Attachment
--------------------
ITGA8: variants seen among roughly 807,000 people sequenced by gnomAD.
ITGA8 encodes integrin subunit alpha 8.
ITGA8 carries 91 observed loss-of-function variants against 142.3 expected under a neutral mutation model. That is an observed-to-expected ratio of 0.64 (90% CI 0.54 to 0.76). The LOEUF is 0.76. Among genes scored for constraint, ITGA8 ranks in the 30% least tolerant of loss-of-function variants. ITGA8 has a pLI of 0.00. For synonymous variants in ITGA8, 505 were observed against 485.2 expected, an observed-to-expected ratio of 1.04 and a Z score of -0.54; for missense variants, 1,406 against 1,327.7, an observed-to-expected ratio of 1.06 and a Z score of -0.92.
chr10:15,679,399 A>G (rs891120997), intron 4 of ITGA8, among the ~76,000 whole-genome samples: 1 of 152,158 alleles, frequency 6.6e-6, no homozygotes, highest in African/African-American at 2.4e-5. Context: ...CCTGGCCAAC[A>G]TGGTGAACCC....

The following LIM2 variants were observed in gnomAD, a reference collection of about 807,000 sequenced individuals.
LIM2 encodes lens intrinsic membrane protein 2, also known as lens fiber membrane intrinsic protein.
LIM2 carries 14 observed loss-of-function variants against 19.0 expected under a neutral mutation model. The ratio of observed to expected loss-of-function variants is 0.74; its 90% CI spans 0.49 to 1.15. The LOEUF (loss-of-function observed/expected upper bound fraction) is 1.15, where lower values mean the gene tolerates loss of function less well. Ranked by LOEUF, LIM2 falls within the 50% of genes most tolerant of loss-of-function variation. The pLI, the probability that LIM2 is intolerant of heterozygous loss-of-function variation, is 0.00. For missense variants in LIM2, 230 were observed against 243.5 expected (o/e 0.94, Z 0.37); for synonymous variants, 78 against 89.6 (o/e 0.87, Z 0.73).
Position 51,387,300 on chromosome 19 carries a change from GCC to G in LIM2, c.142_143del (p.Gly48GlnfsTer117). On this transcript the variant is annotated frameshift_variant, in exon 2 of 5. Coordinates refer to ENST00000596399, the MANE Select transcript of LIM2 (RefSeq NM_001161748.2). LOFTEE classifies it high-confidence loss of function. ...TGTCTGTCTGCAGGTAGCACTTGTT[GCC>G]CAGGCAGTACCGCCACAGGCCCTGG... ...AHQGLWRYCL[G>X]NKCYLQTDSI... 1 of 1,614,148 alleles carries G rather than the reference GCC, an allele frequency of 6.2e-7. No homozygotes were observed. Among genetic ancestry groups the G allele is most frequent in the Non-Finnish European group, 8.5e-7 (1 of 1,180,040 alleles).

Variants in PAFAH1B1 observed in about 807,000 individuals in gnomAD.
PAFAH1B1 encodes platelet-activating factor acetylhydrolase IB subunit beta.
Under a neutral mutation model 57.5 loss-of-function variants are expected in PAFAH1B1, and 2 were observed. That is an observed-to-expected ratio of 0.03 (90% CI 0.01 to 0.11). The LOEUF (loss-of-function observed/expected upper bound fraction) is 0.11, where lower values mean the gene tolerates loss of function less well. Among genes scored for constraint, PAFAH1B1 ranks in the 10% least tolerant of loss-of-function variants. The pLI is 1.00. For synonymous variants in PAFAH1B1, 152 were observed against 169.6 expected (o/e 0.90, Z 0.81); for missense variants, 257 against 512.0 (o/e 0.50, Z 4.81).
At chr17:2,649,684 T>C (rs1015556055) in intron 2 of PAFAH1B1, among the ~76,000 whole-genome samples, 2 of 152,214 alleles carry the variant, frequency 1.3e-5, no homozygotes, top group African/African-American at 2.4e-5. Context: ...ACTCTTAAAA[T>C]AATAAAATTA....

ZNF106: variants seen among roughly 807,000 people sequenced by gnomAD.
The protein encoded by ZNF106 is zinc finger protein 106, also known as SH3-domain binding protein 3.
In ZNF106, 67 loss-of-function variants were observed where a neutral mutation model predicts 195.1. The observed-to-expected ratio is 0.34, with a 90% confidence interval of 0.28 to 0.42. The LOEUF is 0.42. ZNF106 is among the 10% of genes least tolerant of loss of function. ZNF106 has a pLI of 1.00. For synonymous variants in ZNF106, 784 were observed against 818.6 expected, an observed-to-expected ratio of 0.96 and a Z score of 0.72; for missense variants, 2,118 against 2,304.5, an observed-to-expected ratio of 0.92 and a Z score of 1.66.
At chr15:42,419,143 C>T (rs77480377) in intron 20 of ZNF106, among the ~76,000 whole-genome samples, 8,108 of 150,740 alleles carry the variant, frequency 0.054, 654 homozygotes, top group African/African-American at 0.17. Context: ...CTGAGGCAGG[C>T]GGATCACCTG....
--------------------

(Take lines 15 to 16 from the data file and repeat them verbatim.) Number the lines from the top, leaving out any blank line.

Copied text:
In ZNF106, 67 loss-of-function variants were observed where a neutral mutation model predicts 195.1. The observed-to-expected ratio is 0.34, with a 90% confidence interval of 0.28 to 0.42. The LOEUF is 0.42. ZNF106 is among the 10% of genes least tolerant of loss of function. ZNF106 has a pLI of 1.00. For synonymous variants in ZNF106, 784 were observed against 818.6 expected, an observed-to-expected ratio of 0.96 and a Z score of 0.72; for missense variants, 2,118 against 2,304.5, an observed-to-expected ratio of 0.92 and a Z score of 1.66.
At chr15:42,419,143 C>T (rs77480377) in intron 20 of ZNF106, among the ~76,000 whole-genome samples, 8,108 of 150,740 alleles carry the variant, frequency 0.054, 654 homozygotes, top group African/African-American at 0.17. Context: ...CTGAGGCAGG[C>T]GGATCACCTG....